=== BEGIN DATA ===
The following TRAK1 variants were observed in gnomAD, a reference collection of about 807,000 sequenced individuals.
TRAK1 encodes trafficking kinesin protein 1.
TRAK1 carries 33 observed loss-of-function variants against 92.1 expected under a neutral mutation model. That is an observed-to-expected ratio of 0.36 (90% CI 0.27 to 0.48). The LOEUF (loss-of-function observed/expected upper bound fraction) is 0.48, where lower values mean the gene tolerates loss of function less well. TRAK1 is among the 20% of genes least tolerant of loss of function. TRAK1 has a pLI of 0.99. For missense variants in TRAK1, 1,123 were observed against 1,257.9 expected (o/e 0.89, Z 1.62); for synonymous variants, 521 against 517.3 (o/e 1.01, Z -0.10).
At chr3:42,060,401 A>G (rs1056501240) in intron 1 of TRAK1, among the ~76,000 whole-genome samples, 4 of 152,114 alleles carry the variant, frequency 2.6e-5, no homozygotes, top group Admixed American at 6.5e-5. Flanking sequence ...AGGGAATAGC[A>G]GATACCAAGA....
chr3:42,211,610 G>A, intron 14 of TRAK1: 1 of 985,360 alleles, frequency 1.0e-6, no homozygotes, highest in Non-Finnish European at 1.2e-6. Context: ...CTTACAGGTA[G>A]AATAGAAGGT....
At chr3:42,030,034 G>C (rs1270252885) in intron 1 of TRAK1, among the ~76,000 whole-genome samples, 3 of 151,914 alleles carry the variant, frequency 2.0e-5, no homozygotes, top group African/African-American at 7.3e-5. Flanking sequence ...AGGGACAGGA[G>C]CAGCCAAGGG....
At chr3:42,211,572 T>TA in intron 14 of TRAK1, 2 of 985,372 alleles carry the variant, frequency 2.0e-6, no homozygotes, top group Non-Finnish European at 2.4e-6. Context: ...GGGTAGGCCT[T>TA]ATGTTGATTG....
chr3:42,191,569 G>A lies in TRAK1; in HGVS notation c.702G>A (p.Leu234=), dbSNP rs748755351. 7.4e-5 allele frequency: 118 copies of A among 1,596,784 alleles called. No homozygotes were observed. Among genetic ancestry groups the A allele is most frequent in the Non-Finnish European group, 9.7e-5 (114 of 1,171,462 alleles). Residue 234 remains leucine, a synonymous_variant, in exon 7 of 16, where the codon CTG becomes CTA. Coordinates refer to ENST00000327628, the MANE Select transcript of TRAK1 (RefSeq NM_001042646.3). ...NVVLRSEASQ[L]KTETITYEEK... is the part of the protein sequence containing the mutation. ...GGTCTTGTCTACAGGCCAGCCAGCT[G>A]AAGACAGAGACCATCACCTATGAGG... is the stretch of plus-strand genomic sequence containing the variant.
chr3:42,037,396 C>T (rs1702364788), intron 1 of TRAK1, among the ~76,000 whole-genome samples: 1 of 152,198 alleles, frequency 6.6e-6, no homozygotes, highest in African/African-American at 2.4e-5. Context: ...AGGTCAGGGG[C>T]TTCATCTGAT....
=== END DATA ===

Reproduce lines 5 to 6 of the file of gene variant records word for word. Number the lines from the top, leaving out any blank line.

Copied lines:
chr3:42,211,610 G>A, intron 14 of TRAK1: 1 of 985,360 alleles, frequency 1.0e-6, no homozygotes, highest in Non-Finnish European at 1.2e-6. Context: ...CTTACAGGTA[G>A]AATAGAAGGT....
At chr3:42,030,034 G>C (rs1270252885) in intron 1 of TRAK1, among the ~76,000 whole-genome samples, 3 of 151,914 alleles carry the variant, frequency 2.0e-5, no homozygotes, top group African/African-American at 7.3e-5. Flanking sequence ...AGGGACAGGA[G>C]CAGCCAAGGG....